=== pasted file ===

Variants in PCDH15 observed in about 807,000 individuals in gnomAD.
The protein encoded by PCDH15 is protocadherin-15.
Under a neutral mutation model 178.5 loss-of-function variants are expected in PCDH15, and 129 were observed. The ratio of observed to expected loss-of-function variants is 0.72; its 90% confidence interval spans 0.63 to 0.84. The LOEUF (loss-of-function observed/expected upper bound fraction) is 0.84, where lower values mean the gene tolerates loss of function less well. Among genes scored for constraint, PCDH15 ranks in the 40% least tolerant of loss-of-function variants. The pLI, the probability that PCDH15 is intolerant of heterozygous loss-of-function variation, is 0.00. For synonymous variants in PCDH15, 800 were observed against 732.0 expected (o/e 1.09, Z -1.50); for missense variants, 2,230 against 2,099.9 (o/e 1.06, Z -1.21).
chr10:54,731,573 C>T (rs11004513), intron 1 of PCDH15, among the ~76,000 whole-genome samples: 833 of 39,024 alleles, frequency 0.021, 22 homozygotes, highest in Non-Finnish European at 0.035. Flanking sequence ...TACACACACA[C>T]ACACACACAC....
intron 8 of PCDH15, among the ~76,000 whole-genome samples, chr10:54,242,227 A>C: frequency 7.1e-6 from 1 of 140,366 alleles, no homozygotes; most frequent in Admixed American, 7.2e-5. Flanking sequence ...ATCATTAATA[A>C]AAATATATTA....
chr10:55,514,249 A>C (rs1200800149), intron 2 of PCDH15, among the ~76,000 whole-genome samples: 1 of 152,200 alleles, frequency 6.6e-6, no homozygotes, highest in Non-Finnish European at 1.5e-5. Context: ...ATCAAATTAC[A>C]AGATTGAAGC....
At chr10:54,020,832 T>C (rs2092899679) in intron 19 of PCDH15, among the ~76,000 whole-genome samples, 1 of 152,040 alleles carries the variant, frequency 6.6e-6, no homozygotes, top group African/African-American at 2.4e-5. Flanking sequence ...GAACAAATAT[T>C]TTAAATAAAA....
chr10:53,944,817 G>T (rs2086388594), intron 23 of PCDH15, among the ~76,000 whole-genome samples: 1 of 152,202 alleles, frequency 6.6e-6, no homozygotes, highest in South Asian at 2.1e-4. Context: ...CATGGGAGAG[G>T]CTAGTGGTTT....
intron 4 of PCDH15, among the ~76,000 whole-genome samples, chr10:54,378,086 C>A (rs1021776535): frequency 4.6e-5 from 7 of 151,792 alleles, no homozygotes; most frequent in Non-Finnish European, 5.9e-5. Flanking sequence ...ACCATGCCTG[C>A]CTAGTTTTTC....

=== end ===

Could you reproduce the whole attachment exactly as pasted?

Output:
Variants in PCDH15 observed in about 807,000 individuals in gnomAD.
The protein encoded by PCDH15 is protocadherin-15.
Under a neutral mutation model 178.5 loss-of-function variants are expected in PCDH15, and 129 were observed. The ratio of observed to expected loss-of-function variants is 0.72; its 90% confidence interval spans 0.63 to 0.84. The LOEUF (loss-of-function observed/expected upper bound fraction) is 0.84, where lower values mean the gene tolerates loss of function less well. Among genes scored for constraint, PCDH15 ranks in the 40% least tolerant of loss-of-function variants. The pLI, the probability that PCDH15 is intolerant of heterozygous loss-of-function variation, is 0.00. For synonymous variants in PCDH15, 800 were observed against 732.0 expected (o/e 1.09, Z -1.50); for missense variants, 2,230 against 2,099.9 (o/e 1.06, Z -1.21).
chr10:54,731,573 C>T (rs11004513), intron 1 of PCDH15, among the ~76,000 whole-genome samples: 833 of 39,024 alleles, frequency 0.021, 22 homozygotes, highest in Non-Finnish European at 0.035. Flanking sequence ...TACACACACA[C>T]ACACACACAC....
intron 8 of PCDH15, among the ~76,000 whole-genome samples, chr10:54,242,227 A>C: frequency 7.1e-6 from 1 of 140,366 alleles, no homozygotes; most frequent in Admixed American, 7.2e-5. Flanking sequence ...ATCATTAATA[A>C]AAATATATTA....
chr10:55,514,249 A>C (rs1200800149), intron 2 of PCDH15, among the ~76,000 whole-genome samples: 1 of 152,200 alleles, frequency 6.6e-6, no homozygotes, highest in Non-Finnish European at 1.5e-5. Context: ...ATCAAATTAC[A>C]AGATTGAAGC....
At chr10:54,020,832 T>C (rs2092899679) in intron 19 of PCDH15, among the ~76,000 whole-genome samples, 1 of 152,040 alleles carries the variant, frequency 6.6e-6, no homozygotes, top group African/African-American at 2.4e-5. Flanking sequence ...GAACAAATAT[T>C]TTAAATAAAA....
chr10:53,944,817 G>T (rs2086388594), intron 23 of PCDH15, among the ~76,000 whole-genome samples: 1 of 152,202 alleles, frequency 6.6e-6, no homozygotes, highest in South Asian at 2.1e-4. Context: ...CATGGGAGAG[G>T]CTAGTGGTTT....
intron 4 of PCDH15, among the ~76,000 whole-genome samples, chr10:54,378,086 C>A (rs1021776535): frequency 4.6e-5 from 7 of 151,792 alleles, no homozygotes; most frequent in Non-Finnish European, 5.9e-5. Flanking sequence ...ACCATGCCTG[C>A]CTAGTTTTTC....